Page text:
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Stock News: Qatar Enters Bear Market As Dubai Erases 2014 Gains

Stock News: Qatar Enters Bear Market As Dubai Erases 2014 Gains

Dubai’s gauge wiped out this year’s advances as oil prices plummeted to the lowest level since July 2009.

Shares in Qatar plunged, becoming the fifth gauge in the oil-rich Gulf Cooperation Council to enter a bear market, as crude prices dropped to the lowest level since July 2009. Dubai’s gauge wiped out this year’s advances.

Qatar’s QE Index lost 5.9 per cent to 11,114.43 at the close in Doha, bringing its decline since September’s record high to 23 per cent. Dubai’s DFM General Index lost 7.6 per cent, the most since October 2008. The shares have retreated 34 per cent this quarter, turning one of the world’s best gains in 2014 into a 1.4 per cent loss. The measure, along with indexes in Saudi Arabia, Kuwait and Oman fell into a bear market in the past three weeks.

Brent crude slumped to $61.85 a barrel last week after the Organization of Petroleum Exporting Countries cut its forecast for demand in 2015 to the weakest level in 12 years. The Dow Jones Industrial Average had its worst week since 2011 and European shares fell the most in more than three years. The United Arab Emirates’ Energy Minister Suhail Al-Mazrouei said today OPEC won’t cut production even if prices fall to $40 a barrel. The GCC is home to about a third of the world’s proven oil reserves.

“This is an overreaction to further falls in oil prices and global markets,” Saleem Khokhar, who helps oversee about $3 billion at NBAD Asset Management Group, said by telephone from Abu Dhabi. “Valuations have become quite attractive and I expect the markets to stabilize soon.”

Dubai stocks now trade at 10.4 times estimated 2015 earnings, compared with 10.7 for MSCI Inc.’s emerging markets index. The DFM gauge traded as high as 21 times trailing earnings at the end of August, according to data compiled by Bloomberg. The ratio for Qatari and Saudi shares fell to 11.5 times and 11 times projected profits next year, respectively.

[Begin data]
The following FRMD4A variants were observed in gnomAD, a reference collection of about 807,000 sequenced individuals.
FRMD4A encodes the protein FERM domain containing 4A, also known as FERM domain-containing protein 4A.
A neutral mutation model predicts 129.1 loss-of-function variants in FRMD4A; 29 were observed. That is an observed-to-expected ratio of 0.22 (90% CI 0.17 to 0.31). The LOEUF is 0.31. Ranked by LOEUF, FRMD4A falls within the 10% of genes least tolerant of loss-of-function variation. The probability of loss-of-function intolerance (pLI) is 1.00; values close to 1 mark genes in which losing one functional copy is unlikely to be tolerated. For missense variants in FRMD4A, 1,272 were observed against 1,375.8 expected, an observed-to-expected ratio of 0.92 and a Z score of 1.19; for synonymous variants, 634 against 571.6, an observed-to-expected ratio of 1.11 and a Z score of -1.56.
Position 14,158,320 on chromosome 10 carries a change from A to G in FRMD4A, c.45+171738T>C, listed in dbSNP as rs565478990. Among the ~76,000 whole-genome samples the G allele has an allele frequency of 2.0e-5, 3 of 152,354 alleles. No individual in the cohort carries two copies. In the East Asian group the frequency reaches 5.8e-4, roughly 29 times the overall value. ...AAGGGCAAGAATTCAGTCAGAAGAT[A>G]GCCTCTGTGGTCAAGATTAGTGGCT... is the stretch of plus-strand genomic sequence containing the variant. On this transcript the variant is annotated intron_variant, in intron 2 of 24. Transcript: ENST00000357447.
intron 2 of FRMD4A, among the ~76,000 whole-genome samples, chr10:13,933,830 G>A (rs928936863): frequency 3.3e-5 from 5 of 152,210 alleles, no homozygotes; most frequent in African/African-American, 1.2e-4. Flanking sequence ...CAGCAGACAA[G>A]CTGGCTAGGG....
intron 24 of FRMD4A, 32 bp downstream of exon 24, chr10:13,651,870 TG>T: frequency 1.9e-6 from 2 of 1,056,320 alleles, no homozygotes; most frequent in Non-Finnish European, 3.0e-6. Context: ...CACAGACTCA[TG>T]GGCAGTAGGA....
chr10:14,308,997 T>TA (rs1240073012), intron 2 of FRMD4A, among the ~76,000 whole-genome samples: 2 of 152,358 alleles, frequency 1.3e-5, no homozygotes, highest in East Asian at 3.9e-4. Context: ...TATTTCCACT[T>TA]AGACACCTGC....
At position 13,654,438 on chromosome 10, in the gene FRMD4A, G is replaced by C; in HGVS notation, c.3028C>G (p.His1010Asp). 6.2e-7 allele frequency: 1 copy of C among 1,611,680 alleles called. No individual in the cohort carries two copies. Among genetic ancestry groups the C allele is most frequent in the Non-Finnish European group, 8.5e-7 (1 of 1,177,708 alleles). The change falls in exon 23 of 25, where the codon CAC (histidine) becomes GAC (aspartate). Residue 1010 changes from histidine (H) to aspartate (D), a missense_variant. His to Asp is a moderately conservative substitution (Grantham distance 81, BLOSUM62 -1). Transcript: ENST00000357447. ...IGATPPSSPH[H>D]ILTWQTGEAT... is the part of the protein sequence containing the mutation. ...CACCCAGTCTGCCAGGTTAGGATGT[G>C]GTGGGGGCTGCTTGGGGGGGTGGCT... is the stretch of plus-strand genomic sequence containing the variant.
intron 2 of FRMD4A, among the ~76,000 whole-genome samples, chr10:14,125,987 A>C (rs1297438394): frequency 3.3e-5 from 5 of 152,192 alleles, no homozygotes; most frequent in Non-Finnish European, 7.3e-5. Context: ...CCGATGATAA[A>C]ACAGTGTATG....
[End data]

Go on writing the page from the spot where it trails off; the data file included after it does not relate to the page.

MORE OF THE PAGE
Oil Revenue

Saudi Arabia’s Tadawul All Share Index fell 3.3 per cent to 8,119.08, the lowest close in 13 months. Abu Dhabi’s ADX General Index slipped 3.6 per cent, taking its retreat from a May peak to almost 20 percent. The measure has erased gains this year to slide 1.9 per cent. The exchange today announced a five-minute trading halt if a stock moves by five per cent to “prevent rash decisions,” according to an e-mailed statement.

Kuwait’s SE Price Index lost 2.9 per cent, Oman’s benchmark declined 3.2 per cent and Bahrain’s measure fell 0.6 per cent.

“Oil is a major source of revenue for government budgets in the region,” Tariq Qaqish, fund manager at Al Mal Capital PSC, said by telephone from Dubai. “Lower oil prices mean lower spending. Lower spending means less economic growth.”

Governments in the region need a break-even oil price of about $80 a barrel for this year, according to International Monetary Fund estimates.

Oil and natural gas production contributes to more than half of Qatar’s gross domestic product, according to the U.S. Energy Information Administration. All 20 of the stocks on the nation’s index declined.

The host of the 2022 World Cup and holder of the world’s third-largest natural gas reserves plans to spend $210 billion over seven years on roads, stadiums, a rail network and a new city before the soccer tournament.

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